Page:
Everything to Know about Employee Retention Credit and Affiliation Rules

Everything to Know about Employee Retention Credit and Affiliation Rules

Many businesses have been evaluating their eligibility for the Coronavirus Aid, Relief, and Economic Security Act (CARES act), including the Paycheck Protection Program (PPP) and the Employee Retention Credit (ERC) that are two common incentives.

However, there are certain affiliation rules that businesses must follow in order to receive any of these credits, they must also adhere to certain other regulations in order to maintain the credit. The CARES Act’s, PPP and ERC sections have affiliation rules that must be addressed when assessing many levels that influence a firm’s eligibility for every incentive.

The PPP and the ERC have different affiliation and aggregation rules, which adds to the complexity. This warning gives a review of the ERC affiliation and aggregation rules, highlighting key distinctions and implications that firms should be aware of before using.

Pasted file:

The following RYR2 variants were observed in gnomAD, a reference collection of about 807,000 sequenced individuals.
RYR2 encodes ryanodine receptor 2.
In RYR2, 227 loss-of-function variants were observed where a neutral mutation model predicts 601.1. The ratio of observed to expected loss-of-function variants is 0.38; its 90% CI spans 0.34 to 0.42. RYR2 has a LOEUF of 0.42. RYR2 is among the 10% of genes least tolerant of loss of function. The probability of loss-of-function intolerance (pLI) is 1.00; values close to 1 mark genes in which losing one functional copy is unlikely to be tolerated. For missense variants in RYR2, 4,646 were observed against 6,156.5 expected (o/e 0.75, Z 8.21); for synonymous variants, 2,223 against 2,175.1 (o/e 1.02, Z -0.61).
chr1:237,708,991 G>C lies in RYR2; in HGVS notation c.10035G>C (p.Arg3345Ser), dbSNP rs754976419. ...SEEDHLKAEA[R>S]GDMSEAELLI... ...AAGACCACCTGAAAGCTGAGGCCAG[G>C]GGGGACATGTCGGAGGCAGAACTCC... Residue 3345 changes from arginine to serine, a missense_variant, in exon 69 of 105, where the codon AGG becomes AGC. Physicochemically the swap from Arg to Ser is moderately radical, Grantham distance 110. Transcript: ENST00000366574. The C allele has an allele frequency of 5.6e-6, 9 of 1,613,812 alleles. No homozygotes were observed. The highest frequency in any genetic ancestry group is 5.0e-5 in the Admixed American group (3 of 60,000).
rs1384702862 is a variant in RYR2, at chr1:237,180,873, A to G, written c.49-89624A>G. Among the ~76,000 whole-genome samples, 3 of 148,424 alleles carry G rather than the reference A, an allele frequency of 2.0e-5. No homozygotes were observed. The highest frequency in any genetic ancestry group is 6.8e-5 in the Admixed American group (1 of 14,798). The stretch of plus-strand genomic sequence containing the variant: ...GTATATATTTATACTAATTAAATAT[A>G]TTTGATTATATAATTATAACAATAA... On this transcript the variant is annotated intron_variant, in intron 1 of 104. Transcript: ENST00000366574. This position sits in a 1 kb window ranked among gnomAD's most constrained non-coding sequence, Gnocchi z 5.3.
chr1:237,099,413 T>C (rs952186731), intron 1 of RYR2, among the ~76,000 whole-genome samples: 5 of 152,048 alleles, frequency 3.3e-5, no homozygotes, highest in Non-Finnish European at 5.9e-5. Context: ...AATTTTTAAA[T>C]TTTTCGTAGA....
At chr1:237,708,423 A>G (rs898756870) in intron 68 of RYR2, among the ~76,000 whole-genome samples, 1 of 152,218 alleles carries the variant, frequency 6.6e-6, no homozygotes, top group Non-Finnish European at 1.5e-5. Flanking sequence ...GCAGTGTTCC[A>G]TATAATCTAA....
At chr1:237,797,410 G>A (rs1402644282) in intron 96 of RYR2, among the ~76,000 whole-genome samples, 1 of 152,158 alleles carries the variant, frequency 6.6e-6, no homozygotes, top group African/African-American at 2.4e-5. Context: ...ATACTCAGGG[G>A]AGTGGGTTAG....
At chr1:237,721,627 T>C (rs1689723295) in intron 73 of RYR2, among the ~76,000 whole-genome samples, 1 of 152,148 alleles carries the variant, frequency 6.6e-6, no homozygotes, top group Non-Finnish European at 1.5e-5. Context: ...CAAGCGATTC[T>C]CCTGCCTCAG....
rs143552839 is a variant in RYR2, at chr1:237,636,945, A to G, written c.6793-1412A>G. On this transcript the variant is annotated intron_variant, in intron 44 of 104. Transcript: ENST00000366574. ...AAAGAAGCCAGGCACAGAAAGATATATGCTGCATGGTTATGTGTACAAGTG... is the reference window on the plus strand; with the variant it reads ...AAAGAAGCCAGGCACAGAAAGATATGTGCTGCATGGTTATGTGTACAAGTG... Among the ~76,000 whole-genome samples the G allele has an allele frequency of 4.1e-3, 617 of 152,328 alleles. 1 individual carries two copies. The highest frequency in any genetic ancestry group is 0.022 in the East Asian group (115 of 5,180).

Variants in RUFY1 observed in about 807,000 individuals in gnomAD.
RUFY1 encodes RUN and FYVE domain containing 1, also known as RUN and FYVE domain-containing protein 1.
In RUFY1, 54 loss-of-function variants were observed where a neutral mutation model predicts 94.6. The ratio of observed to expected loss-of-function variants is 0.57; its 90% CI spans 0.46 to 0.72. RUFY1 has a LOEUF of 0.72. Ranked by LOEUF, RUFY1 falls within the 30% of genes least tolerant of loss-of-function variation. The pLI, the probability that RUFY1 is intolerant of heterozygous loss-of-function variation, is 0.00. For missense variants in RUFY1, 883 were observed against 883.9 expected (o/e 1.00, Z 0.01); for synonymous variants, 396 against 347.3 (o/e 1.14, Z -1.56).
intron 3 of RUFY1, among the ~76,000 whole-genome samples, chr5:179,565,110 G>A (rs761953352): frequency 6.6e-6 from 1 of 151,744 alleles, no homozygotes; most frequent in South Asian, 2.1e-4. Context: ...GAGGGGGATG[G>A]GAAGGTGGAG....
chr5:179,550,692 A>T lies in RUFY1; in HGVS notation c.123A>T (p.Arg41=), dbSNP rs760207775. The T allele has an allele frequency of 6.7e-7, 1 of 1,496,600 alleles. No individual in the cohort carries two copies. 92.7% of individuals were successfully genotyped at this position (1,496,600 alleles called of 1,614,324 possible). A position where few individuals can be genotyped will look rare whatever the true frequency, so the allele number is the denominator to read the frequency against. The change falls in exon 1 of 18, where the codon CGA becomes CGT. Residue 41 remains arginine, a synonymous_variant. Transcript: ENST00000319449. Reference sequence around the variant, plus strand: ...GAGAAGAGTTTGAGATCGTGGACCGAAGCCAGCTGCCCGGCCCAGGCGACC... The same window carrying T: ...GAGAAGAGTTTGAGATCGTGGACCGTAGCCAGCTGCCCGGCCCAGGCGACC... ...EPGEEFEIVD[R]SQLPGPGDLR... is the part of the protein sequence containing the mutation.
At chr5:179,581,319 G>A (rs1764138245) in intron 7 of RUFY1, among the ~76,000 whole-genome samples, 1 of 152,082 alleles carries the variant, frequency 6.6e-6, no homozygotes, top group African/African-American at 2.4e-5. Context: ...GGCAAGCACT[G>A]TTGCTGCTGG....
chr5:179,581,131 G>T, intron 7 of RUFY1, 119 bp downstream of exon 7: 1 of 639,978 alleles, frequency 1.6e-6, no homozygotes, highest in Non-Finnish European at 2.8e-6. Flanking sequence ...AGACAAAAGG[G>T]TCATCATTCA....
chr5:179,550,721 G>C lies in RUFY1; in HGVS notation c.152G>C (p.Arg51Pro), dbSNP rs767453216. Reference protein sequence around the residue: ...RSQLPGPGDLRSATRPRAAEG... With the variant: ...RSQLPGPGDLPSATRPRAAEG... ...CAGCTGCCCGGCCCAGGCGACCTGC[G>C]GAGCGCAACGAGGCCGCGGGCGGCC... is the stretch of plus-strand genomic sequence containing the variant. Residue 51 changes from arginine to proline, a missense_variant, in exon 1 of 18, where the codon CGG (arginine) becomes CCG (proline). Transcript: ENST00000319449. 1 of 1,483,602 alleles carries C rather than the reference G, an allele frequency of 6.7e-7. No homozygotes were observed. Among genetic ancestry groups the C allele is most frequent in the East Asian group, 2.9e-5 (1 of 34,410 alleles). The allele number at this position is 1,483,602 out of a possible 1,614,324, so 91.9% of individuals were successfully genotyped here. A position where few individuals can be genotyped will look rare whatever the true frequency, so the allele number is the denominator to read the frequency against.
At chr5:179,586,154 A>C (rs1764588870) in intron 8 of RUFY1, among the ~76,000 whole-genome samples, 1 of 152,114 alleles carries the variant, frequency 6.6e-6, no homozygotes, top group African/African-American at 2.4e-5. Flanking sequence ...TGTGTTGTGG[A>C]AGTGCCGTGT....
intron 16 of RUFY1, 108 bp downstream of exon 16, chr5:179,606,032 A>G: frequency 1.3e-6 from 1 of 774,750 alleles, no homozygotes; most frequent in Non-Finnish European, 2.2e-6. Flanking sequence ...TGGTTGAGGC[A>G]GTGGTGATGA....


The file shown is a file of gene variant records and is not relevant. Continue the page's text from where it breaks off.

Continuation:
Affiliation Rules for Employee Retention Credit

The ERC’s aggregation rules are based on existing IRC laws. 

  • Employees as well as employees of the same corporate control group
  • Workers of a common control trade or enterprise, and
  • The CARES Act treats workers and members of a connected service group as a single employer.

The IRS issued FAQs on April 29, 2020, that provide guidance on credit per employee and establish whether businesses are deemed single employers under the ERC’s aggregation criteria and how those rules relate to calculating certain thresholds and eligibility for the ERC, including:

  • Whether the employer’s trade or business has been wholly or partially interrupted as a result of government directives connected to COVID-19;

The affiliation and aggregation rules for each benefit are not constant; therefore, taxpayers considering the PPP and the ERC should be aware of this. The PPP affiliation rules of credit for wages paid emphasize control authority, whereas the ERC affiliation rules emphasize control exercise.